Darwin May Have Been Wrong, New Study Argues

UPDATE: Steve Newton, Programs and Policy Director for the National Center for Science Education, has written an analysis of the study, titled "Darwin Was Not Wrong--New Study Being Distorted." Read it here.

-- A new study published in Biology Letters calls into question elements of Charles Darwin's theory of evolution.

While Darwin argued that competition was the key force driving evolution, a research team from the University of Bristol argues that "living space" is in fact the primary driver. Michael Benton, a co-author of the study, said his team concluded that "competition did not play a big role in the overall pattern of evolution."

"The new study proposes that really big evolutionary changes happen when animals move into empty areas of living space, not occupied by other animals," BBC News explains. "For example, when birds evolved the ability to fly, that opened up a vast range of new possibilities not available to other animals. Suddenly the skies were quite literally the limit, triggering a new evolutionary burst."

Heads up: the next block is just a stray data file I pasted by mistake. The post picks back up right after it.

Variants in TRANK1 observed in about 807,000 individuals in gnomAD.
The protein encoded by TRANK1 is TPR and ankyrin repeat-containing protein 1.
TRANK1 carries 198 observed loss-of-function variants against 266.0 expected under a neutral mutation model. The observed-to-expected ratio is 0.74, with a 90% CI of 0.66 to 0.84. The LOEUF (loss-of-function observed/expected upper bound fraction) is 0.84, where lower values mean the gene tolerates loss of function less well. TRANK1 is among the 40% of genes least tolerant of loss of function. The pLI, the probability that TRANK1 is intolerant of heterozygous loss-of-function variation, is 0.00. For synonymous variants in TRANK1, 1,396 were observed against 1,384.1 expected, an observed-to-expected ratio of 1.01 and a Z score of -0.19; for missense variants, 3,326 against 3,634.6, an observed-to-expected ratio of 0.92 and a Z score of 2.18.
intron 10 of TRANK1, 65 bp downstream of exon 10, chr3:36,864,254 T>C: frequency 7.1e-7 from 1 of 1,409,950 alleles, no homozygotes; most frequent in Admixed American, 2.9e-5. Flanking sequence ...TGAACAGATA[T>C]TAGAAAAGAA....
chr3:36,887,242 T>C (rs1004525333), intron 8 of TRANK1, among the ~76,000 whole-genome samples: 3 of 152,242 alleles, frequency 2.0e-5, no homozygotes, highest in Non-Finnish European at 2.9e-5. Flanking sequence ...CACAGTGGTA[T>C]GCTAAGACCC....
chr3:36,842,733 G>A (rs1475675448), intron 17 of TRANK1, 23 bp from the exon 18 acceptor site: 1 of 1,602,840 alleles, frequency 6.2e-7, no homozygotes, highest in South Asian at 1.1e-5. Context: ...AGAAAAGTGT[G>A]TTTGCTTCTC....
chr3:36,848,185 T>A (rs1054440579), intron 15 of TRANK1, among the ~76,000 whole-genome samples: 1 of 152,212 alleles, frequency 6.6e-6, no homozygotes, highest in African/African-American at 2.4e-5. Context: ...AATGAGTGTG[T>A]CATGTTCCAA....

Slate describes how PhD student Sarda Sahney conducted her research:

Using fossils to study evolutionary patterns over hundreds of millions of years of history, Sahney and team found that biodiversity, at least among the land animals that they decided to focus on, matched the availability of living space through time. Living space refers to the particular requirements of individual organisms to thrive and reproduce. It can include several components but primarily describes the availability of food and favorable habitat.

"Throughout geological time, patterns of global diversity of tetrapod families show 97 per cent correlation with ecological modes," Sahney writes in the Biology Letters article co-authored by Michael Benton and Paul Ferry.

Not all have accepted the team's conclusions. According to BBC News, Yale University evolutionary biologist Stephen Stearns said the interpretation was "problematic." "What is the impetus to occupy new portions of ecological space if not to avoid competition with the species in the space already occupied?" Stearns asked.

What do you think of their theory--is it bogus or does it have legs? Weigh in below.